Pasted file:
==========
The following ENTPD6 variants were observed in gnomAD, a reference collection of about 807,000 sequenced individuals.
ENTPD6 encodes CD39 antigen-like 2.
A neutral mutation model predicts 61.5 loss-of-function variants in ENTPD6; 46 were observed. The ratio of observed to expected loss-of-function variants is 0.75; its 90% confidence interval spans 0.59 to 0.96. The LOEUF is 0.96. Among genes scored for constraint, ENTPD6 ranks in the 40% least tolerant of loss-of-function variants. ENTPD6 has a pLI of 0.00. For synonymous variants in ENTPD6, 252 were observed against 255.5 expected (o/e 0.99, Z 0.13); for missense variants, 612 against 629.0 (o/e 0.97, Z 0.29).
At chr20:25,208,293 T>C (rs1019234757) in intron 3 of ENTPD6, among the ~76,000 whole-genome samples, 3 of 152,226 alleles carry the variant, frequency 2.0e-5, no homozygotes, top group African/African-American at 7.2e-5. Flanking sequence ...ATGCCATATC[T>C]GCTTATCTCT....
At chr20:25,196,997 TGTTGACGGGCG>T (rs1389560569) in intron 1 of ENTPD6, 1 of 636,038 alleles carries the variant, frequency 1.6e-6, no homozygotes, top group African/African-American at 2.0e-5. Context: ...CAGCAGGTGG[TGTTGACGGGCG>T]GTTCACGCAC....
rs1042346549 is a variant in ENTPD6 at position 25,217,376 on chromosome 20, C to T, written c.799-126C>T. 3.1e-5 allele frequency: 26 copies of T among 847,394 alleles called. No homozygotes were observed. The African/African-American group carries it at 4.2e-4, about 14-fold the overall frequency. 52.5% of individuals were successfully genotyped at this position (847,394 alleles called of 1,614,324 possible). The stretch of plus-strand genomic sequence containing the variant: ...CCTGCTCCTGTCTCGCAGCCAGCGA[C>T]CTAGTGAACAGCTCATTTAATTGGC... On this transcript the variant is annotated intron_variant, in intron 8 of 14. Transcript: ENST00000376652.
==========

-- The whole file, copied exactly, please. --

The following ENTPD6 variants were observed in gnomAD, a reference collection of about 807,000 sequenced individuals.
ENTPD6 encodes CD39 antigen-like 2.
A neutral mutation model predicts 61.5 loss-of-function variants in ENTPD6; 46 were observed. The ratio of observed to expected loss-of-function variants is 0.75; its 90% confidence interval spans 0.59 to 0.96. The LOEUF is 0.96. Among genes scored for constraint, ENTPD6 ranks in the 40% least tolerant of loss-of-function variants. ENTPD6 has a pLI of 0.00. For synonymous variants in ENTPD6, 252 were observed against 255.5 expected (o/e 0.99, Z 0.13); for missense variants, 612 against 629.0 (o/e 0.97, Z 0.29).
At chr20:25,208,293 T>C (rs1019234757) in intron 3 of ENTPD6, among the ~76,000 whole-genome samples, 3 of 152,226 alleles carry the variant, frequency 2.0e-5, no homozygotes, top group African/African-American at 7.2e-5. Flanking sequence ...ATGCCATATC[T>C]GCTTATCTCT....
At chr20:25,196,997 TGTTGACGGGCG>T (rs1389560569) in intron 1 of ENTPD6, 1 of 636,038 alleles carries the variant, frequency 1.6e-6, no homozygotes, top group African/African-American at 2.0e-5. Context: ...CAGCAGGTGG[TGTTGACGGGCG>T]GTTCACGCAC....
rs1042346549 is a variant in ENTPD6 at position 25,217,376 on chromosome 20, C to T, written c.799-126C>T. 3.1e-5 allele frequency: 26 copies of T among 847,394 alleles called. No homozygotes were observed. The African/African-American group carries it at 4.2e-4, about 14-fold the overall frequency. 52.5% of individuals were successfully genotyped at this position (847,394 alleles called of 1,614,324 possible). The stretch of plus-strand genomic sequence containing the variant: ...CCTGCTCCTGTCTCGCAGCCAGCGA[C>T]CTAGTGAACAGCTCATTTAATTGGC... On this transcript the variant is annotated intron_variant, in intron 8 of 14. Transcript: ENST00000376652.